Pharmacist-Guided Home Blood Pressure Monitoring
Study found combination led to better control of hypertension
In the study intervention group, each person received a home blood pressure monitor capable of sending readings to a secure website that a pharmacist monitored. At the start of the study, patients met with the pharmacist for an hour and were taught how to use the machines. They were also given lifestyle advice on lowering their blood pressure.
People in the study intervention group were asked to send at least six blood pressure readings from different times of the day to the pharmacist each week. During the first six months of the study, patients and pharmacists talked by phone every two weeks, until blood pressure was under control for at least six weeks, and then they talked monthly. During months seven to 12 of the study, the calls were reduced to every two months. During the calls, pharmacists reviewed lifestyle changes and emphasized adherence to medications.
In between the phone calls, pharmacists were able to make changes to a patient's medication following an algorithm based on national guidelines, according to Margolis. In addition, these changes were reported to the patient's doctor.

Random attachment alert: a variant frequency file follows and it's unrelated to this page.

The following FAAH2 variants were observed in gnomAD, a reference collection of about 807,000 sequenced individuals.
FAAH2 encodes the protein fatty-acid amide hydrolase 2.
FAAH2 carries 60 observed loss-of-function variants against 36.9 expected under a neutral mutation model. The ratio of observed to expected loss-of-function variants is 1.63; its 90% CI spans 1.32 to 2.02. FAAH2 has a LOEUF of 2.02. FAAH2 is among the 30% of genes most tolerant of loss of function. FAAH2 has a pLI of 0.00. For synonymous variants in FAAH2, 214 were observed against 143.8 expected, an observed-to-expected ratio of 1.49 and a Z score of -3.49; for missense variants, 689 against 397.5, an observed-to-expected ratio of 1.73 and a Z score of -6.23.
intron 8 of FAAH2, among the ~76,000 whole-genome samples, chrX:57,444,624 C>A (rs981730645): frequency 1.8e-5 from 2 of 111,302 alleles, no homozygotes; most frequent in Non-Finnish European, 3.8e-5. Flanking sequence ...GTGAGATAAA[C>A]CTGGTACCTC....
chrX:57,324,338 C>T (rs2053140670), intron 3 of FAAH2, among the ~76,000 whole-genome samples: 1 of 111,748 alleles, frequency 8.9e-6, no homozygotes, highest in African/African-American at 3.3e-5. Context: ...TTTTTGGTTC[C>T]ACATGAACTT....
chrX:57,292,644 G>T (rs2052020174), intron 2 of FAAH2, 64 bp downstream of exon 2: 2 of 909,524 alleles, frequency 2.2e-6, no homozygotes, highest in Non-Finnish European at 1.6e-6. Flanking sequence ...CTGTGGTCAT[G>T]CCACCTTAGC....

Among the 380 people who attended both the six- and 12-month clinic visits, just over 57 percent of those in the intervention group had controlled blood pressure at both visits compared to just 30 percent in the usual care group.
Systolic blood pressure (the top number) dropped by an average of almost 11 mm Hg more for those in the study intervention compared to the usual care group at six months, and by almost 10 mm Hg more at 12 months. Even six months after the study ended, those who had been in the intervention group had systolic blood pressure readings an average of 6.6 mm Hg lower than the usual care group.
Margolis said that the people in the intervention group also felt more confident in managing their high blood pressure, and that they reported more satisfaction than the usual care group.
"Partnering with someone really makes a difference," Margolis said.
She said the cost of the program was about $1,200 to $1,300 per person. It's not clear yet whether or not the program will be able to prevent enough cardiovascular events to make it more cost-effective than usual care, but Margolis said that there may be ways to tailor the program to make it less expensive.